Meeting God in Knockfierna: Monk reveals  triple meaning of ‘Limerick’

Meeting God in Knockfierna: Monk reveals  triple meaning of ‘Limerick’

Fr Mark Patrick Hederman with his new book Crimson and Gold: Life as a Limerick | PICTURE: Fr Denis Hooper

AFTER penning 14 books since the turn of the century, the former Abbot of Glenstal, Fr Mark Patrick Hederman has oft been asked, “Why don’t you write something we can read?”

The Benedictine monk’s literary retort is Crimson and Gold: Life as a Limerick.

“Most people find them boring if not incomprehensible,” he candidly admits but “I hope this book is hilarious, at least in parts”.

“I hope that no one will take offense at what I write but that many will have a good laugh at this well-meaning and uproarious ride through the countryside of Limerick from Knockfierna to the Shannon, from the river Maigue to the Atlantic Ocean.

“Nor do you have to be from Limerick to connect with this particular slice of humanity; anyone who has lived on this planet will be able to identify with the bewilderment of this one child finding his way through the second half of the twentieth century,” he continued.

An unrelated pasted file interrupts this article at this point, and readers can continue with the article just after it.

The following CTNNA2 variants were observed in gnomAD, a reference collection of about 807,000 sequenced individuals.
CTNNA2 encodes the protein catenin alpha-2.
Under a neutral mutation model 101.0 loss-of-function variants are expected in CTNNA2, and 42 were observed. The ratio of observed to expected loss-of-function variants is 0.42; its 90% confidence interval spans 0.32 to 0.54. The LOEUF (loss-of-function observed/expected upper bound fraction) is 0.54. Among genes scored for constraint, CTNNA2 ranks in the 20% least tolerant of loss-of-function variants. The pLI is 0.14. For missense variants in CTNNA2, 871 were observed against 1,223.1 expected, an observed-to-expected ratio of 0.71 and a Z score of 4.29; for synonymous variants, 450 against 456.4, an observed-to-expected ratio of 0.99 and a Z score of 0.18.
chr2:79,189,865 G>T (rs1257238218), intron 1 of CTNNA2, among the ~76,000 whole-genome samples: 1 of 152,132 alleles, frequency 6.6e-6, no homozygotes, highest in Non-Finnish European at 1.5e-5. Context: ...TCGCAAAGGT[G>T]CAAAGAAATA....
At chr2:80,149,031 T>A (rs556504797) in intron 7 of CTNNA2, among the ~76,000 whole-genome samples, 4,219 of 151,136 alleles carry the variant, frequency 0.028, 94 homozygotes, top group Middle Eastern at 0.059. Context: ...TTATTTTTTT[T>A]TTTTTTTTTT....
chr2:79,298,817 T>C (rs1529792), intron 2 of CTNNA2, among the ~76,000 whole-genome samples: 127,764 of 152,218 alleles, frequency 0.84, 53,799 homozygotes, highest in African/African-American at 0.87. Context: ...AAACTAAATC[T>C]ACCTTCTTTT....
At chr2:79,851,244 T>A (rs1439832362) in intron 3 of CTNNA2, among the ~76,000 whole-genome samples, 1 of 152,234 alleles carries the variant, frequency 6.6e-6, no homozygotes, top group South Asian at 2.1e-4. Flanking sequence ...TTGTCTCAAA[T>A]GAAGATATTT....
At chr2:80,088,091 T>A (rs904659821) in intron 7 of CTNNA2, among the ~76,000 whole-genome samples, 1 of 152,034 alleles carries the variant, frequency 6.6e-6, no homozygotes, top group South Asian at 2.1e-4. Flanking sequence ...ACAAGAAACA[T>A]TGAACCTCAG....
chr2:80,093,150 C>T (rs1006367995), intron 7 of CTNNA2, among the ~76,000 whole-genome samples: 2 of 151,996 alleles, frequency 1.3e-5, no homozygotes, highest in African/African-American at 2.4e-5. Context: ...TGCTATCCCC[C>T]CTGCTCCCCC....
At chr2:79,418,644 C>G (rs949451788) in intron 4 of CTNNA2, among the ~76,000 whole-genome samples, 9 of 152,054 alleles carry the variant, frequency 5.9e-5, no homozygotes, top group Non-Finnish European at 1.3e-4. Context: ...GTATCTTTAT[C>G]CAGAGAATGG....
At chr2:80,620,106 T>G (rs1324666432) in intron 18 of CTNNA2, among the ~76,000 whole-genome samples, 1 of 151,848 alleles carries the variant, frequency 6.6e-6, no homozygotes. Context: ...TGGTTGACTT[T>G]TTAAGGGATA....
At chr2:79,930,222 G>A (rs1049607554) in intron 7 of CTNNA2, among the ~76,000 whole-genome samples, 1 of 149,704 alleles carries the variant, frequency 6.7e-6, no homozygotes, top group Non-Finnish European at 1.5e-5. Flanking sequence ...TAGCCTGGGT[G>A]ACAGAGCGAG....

Is this book as close to the autobiography of Mark Patrick Hederman as there will be?

“Although I am the narrator of this story, this is meant to be a portrait of County Limerick rather than a history of myself. County Limerick, as I remember it growing up, was one of the quaintest, craziest, most colourful, most outlandish sitcoms anyone could have been born into.

“I wanted to describe this as accurately as possible, doing justice to the hilarity of it, the exotic and endearing texture of it, the whole anachronistic misplacement of it, and the cast of characters who made it so exotic and extravagant. It was like growing up in some forgotten tribe cut out of the pages of a history book, or living as throwbacks from a previous chronological time-warp.”

Fr Hederman’s mother was American who came from Boston to study at Trinity College for a degree in Arts. Invited for a weekend to a farm in County Limerick, his father fell in love with her as she was getting out of the car.

“He knew that she was only staying the weekend, so he plucked up his courage and asked her to marry him. That is how and why I came to be born in Limerick on June 18, 1944.”

The future headmaster of Glenstal Abbey and abbot grew up in Ballyneale House – a seven bedroom mansion – in Ballingarry. Limerick is in the title of the book but what does Limerick mean to Fr Hederman?